Saturday, March 16, 2013

CSW Agreed Conclusions signed

CSW Agreed Conclusions signed tonight.  Annette Lawson March 15 2013
There is joy, relief and an outpouring of applause as Governments gathered in New York at the UN to work on a text aiming to prevent violence in all its manifestations against women and girls, reached agreement with their backs to the wire at this vital 57th session of CSW focusing on the prevention of violence against women and girls.  Their negotiators  certainly needed dinner and sleep since they had been working until the small hours overnight and had been at it again all day today (Friday 15 March 2013). Evidently Michelle Bachelet, the CEO of UN Women called in and inspired them to greater efforts to reach a good outcome because they were there not just for themselves or even for their governments but for the women and girls of the world. She has led this CSW to success. Later she announced she would be returning to Chile.  Perhaps we will see her President again. And UN Women must find another world leader.
The result is due not only to marvellous work of the negotiators but also to the persistence and advice of the more than 600 NGOs gathered too, and the real partnerships forged between them and some governments – certainly between ourselves and our UK government.
The text has much to welcome in it that should really make a difference,  enabling change and underpinning  prevention with strong paragraphs on resourcing and the range of services that are required. Education is stressed and the need for boys and men to take responsibility for their actions is important as are the paragraphs that give powerful support to the NGOs, particularly to women’s organisations which have the expertise to work from grass roots through to the advisory levels of government in a collective mode.  Recognition of women’s sexual and reproductive rights  and to have their rights embedded in law and in practice is a great win. The ending of impunity from punishment of the perpetrators is stressed and there are strong paragraphs on international cooperation and on trafficking especially in relation to sexual exploitation. There is a good paragraph on the harmful effects of the exponential rise of porn on the web and of cyber bullying and cyber stalking as well as the positive uses of social media and of the internet for change in attitudes and behaviours.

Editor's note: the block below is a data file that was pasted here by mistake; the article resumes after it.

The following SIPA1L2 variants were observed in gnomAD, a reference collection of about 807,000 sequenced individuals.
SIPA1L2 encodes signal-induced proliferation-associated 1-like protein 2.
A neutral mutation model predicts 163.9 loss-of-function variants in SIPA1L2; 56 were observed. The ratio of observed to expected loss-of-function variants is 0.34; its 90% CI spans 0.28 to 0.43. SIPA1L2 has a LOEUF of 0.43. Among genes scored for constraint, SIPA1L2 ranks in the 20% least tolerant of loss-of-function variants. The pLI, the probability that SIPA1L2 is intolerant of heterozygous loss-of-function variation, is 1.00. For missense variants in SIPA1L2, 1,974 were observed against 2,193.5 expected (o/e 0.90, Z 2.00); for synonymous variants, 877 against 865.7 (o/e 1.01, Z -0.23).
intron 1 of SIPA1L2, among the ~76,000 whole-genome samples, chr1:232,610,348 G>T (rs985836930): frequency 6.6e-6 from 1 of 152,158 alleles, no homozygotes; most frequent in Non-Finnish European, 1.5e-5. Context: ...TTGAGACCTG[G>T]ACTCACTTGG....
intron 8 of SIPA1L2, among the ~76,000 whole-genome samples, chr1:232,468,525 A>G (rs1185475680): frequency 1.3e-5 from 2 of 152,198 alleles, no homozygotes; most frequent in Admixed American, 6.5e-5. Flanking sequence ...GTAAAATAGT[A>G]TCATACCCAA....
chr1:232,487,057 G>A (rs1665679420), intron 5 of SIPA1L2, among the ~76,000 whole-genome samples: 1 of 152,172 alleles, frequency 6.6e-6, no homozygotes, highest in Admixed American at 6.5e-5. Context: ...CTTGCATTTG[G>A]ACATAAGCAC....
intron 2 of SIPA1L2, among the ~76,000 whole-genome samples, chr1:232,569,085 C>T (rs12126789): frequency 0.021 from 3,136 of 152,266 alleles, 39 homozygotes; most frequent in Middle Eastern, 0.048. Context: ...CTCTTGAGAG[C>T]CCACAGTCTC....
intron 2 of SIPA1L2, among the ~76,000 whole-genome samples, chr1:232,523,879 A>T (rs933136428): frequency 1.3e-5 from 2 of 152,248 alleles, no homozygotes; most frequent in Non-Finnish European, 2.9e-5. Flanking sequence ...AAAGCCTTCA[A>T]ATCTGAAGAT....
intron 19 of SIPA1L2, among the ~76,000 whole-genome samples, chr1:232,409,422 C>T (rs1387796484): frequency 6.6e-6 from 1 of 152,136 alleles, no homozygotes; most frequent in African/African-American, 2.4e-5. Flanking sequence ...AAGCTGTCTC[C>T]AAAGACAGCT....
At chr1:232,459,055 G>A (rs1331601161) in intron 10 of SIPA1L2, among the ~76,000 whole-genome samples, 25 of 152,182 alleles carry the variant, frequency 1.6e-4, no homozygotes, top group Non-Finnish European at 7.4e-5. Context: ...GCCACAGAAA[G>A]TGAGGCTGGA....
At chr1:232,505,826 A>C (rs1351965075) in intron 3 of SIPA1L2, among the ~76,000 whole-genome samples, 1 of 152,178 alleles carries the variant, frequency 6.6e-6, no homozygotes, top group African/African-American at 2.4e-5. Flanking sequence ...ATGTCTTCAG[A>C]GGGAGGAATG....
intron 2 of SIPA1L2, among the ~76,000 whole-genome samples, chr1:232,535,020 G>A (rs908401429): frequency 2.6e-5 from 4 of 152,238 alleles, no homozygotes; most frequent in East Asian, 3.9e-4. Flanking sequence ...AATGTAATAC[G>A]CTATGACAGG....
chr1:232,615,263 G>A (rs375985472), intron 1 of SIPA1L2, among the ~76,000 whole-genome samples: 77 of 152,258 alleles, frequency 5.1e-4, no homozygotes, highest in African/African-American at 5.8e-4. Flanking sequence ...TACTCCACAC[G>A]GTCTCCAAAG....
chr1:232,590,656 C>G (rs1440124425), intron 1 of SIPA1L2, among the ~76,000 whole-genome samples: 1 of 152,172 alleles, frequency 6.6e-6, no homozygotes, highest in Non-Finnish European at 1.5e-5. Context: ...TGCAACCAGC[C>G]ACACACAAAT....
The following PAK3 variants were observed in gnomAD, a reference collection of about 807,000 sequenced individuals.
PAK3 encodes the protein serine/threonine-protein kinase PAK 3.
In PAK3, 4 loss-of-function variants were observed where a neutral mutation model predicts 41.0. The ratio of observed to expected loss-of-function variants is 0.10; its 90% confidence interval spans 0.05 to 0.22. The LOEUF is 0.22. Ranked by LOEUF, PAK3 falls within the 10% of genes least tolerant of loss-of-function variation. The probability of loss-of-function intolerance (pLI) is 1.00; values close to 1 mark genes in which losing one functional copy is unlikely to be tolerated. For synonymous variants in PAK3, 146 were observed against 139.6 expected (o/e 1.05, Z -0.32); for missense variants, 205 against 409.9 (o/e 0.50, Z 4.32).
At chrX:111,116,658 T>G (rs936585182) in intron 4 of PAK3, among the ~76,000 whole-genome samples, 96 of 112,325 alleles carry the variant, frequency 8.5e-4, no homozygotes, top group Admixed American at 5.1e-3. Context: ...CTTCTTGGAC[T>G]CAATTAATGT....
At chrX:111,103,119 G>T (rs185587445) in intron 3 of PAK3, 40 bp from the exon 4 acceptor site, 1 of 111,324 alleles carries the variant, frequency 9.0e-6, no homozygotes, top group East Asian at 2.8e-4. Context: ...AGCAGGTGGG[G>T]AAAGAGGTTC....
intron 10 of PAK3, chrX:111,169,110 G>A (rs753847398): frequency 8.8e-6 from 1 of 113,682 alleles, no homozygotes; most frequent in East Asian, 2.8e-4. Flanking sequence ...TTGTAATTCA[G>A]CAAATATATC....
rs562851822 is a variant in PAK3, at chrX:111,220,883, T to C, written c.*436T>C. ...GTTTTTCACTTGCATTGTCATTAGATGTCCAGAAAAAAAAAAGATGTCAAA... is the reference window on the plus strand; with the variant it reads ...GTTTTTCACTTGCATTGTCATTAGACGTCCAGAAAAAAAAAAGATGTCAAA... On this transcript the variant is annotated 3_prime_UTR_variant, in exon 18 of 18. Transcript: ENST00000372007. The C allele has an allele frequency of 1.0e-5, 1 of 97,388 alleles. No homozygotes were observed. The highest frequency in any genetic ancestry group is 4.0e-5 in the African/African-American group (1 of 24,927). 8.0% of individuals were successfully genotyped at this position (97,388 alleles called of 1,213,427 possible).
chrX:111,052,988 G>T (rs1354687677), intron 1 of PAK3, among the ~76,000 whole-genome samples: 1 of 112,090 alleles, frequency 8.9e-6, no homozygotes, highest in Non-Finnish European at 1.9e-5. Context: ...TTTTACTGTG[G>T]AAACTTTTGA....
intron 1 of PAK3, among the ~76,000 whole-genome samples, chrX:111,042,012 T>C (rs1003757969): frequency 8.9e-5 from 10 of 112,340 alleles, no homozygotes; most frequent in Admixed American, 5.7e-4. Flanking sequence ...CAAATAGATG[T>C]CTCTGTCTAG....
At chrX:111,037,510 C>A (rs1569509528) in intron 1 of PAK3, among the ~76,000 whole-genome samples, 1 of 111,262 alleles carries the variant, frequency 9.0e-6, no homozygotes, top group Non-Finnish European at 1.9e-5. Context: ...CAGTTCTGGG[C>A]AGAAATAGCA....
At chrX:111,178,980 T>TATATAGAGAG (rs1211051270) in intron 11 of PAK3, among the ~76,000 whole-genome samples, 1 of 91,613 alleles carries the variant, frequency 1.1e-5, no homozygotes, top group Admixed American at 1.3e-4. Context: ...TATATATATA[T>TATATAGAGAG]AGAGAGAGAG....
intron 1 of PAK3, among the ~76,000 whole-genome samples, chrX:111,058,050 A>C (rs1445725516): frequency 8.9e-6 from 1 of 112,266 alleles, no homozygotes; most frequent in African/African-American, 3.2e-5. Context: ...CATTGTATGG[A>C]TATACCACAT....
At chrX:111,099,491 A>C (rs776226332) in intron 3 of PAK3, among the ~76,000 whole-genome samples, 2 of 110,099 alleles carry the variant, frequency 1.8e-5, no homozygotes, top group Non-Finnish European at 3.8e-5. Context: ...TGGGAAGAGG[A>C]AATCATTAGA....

it was made clear that religion, culture and tradition cannot be used to excuse violations of the human rights of women and girls and the wording that suggested States should have sovereignty over their actions, thus making a mockery of the global nature of the UN, was fortunately withdrawn at the last. However, the trading required to remove this immensely damaging clause has meant there are some disturbing gaps.
Alas, women who love other women are not included, the words, ‘gender identity’ and ‘gender orientation’ did not make it and nor did ‘intimate partner’ or ‘intimate relationships’, which would have given some recognition to violence occurring outside of marriage but within partner relations.  Alas, too, the word, ‘prostitution’, is also absent.  Given it forms part of the Beijing Platform for Action which is reaffirmed in the preamble, I am sure we can find ways to work around it and this sentence is in:
‘Accelerate public awareness, education and training to discourage the demand that fosters all forms of exploitation.’

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